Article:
The fortunate residents of Sandale have a panorama from Skiddaw right round to the Solway Firth with its glorious sunsets. A little wind is the small price to pay. Formerly the row consisted of 4 or 5 small farms but now it is entirely residential and the older houses have been supplemented by barn conversions and modern homes.

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The Sandale Transmitter, on the top of Sandale Fell, is a familiar landmark, it is now a radio transmitter but for many years was a television transmitter and occasionally in its past had an armed policeman on duty in case of sabotage by the IRA.

Sandale sits peacefully on its own side road but many people pass it by on the way to Headend Quarry at the top of the hill. Although this disused quarry is tiny, over the years hundreds of school parties have been given an introduction to rock climbing on its limestone face, it is ideal for this as it has cracks, a tiny “chimney”, and an overhang. The top of the quarry is a habitat which is getting rarer; limestone upland grassland so you can spot some rare native wildflowers….or just take in the magnificent view.

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What’s on in April?

April events








April already! Here’s a hand selected list of things that are happening in the Parish during April.

1st April – Bingo at Allhallows Community Centre at 7.30pm

7th April – Uldale Lunch Club at Mae’s Tea Room 12noon

19th April – Bothel Gardening Club
Phil Dunnet at Bothel Village Hall

26th April – Prayer Breakfast at St Michael’s Torpenhow – 9am

For more events happening in the parish, check out our calendar here, or your latest Binsey Link

What’s on in March?







We have so many fantastic events happening in the Binsey Team Mission Community that we thought we’d add a selection of them here so you can get the diary sorted for the coming month!

3rd March – Lunch Club at Mae’s Tea Rooms, Uldale at 12pm
A chance to get together for a chat and some yummy food


12th March – Easter Puppet Show at Allhallows Community Centre at 2.30pm

20th March – Stepping Stones Cafe Church, Globe Hall Ireby
Worship in relaxed and informal surroundings with a cuppa

25-26 March – Allhallows Community Centre Art Exhibition

For more events happening in the parish, check out our calendar here, or your latest Binsey Link

Cumbria’s first mission community

Binsey Mission Community

Church leaders have officiated at the first commissioning of a mission community in Cumbria.

The Binsey Mission Community covers 250 square miles, taking in some of the Northern Fells, going up to the Solway Plain and the newly created mission community includes 12 Anglican churches and a Methodist chapel.

More than 40 mission communities are to be formed across Cumbria over the next four years and represent a commitment to the ecumenical God for All strategy. The aim is that every person in the county has an opportunity to discover more of God and God’s purpose for their lives.

The Rev’d Tricia Rogers, the newly appointed mission community leader for Binsey, said: ““It’’s exciting and rejuvenating to think that we will be doing something differently.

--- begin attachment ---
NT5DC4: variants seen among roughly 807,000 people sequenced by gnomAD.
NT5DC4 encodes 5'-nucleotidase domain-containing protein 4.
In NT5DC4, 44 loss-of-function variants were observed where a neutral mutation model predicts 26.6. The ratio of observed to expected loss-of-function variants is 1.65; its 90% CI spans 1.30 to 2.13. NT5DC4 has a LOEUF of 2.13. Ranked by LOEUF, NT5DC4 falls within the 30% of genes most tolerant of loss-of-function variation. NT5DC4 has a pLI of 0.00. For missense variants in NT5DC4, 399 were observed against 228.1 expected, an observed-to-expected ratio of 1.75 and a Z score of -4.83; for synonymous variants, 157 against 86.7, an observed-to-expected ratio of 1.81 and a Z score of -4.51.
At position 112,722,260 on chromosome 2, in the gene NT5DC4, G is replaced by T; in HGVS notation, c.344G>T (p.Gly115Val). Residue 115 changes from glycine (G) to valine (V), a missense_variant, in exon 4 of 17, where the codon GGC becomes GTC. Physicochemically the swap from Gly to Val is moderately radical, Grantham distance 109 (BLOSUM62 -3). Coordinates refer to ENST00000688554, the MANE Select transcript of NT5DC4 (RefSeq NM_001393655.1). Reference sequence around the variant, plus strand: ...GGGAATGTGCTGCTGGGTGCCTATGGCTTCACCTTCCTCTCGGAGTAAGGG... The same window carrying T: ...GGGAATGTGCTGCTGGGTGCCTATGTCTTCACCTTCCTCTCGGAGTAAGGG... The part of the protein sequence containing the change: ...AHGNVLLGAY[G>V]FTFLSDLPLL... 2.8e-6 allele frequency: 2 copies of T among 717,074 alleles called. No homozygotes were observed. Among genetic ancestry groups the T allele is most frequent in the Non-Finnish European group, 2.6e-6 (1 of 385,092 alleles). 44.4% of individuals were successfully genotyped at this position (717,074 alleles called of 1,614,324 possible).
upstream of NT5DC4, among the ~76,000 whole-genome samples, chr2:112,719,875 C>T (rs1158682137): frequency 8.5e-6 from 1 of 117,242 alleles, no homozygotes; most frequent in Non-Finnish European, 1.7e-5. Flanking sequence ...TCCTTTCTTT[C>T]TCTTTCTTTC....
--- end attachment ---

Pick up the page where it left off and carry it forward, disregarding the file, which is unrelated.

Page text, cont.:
“I think everybody knows that this is a spring board. We have already done an awful lot; we have come together as one Parochial Church Council. But the creation of the mission community allows us to go even further forwards and be more intentionally missional. It’s exciting and rejuvenating to think that we will be doing something differently.””

Mission communities will see groups of churches come together as mutually supportive and collaborative hubs of mission and outreach. While the exact make-up may differ from area to area, they will offer a variety of churches and styles and provide opportunities to enable people’s’ gifts and ministries to flourish, establishing new expressions of church alongside the traditional and ensure there is a Christian presence in every place across Cumbria.

Last night church leaders gathered at St Michael and All Angels’, Torpenhow, for a service to commission the Binsey Mission Community. It was led by the Right Rev’d James Newcome, Bishop of Carlisle, the Right Rev’d Robert Freeman, Bishop of Penrith, the Rev’d Richard Teal, Chair of the Cumbria Methodist District and the Rev’d Sarah Moore, Area President, Cumbria Area of the NW Synod of the United Reformed Church.

At the service Tricia Rogers was also presented with a letter authorising her appointment as Mission Community leader and a team of local church leaders – both lay and ordained – were commissioned.

It comes four years after the Binsey Team first began to explore and plan for the creation of a mission community and follows the decision last October for the Binsey Team to amalgamate eleven parishes as a single parish structure.

Tricia’s new role as mission community leader will provide strategic support and guidance to the team. Last night those team members were commissioned – the lay local church leaders, the ecumenical clergy and ministry team, lay worship leaders and members of the lay pastoral visitors group.

Bishop James said: “”It is wonderful that such an important marker has been reached with the first commissioning of a mission community in the county. Mission communities represent a real and practical way in which churches can work closely together to bring as many people as possible to know the reality of God. They are a way in which together we can do things differently to ensure a Christian presence across Cumbria.””

Meanwhile a service of celebration has also been held to mark a second mission community in the county. While yet to be commissioned, work is ongoing to explore and plan how the Western Dales Mission Community will develop. The launch celebration was held at St Andrew’s Sedbergh in December.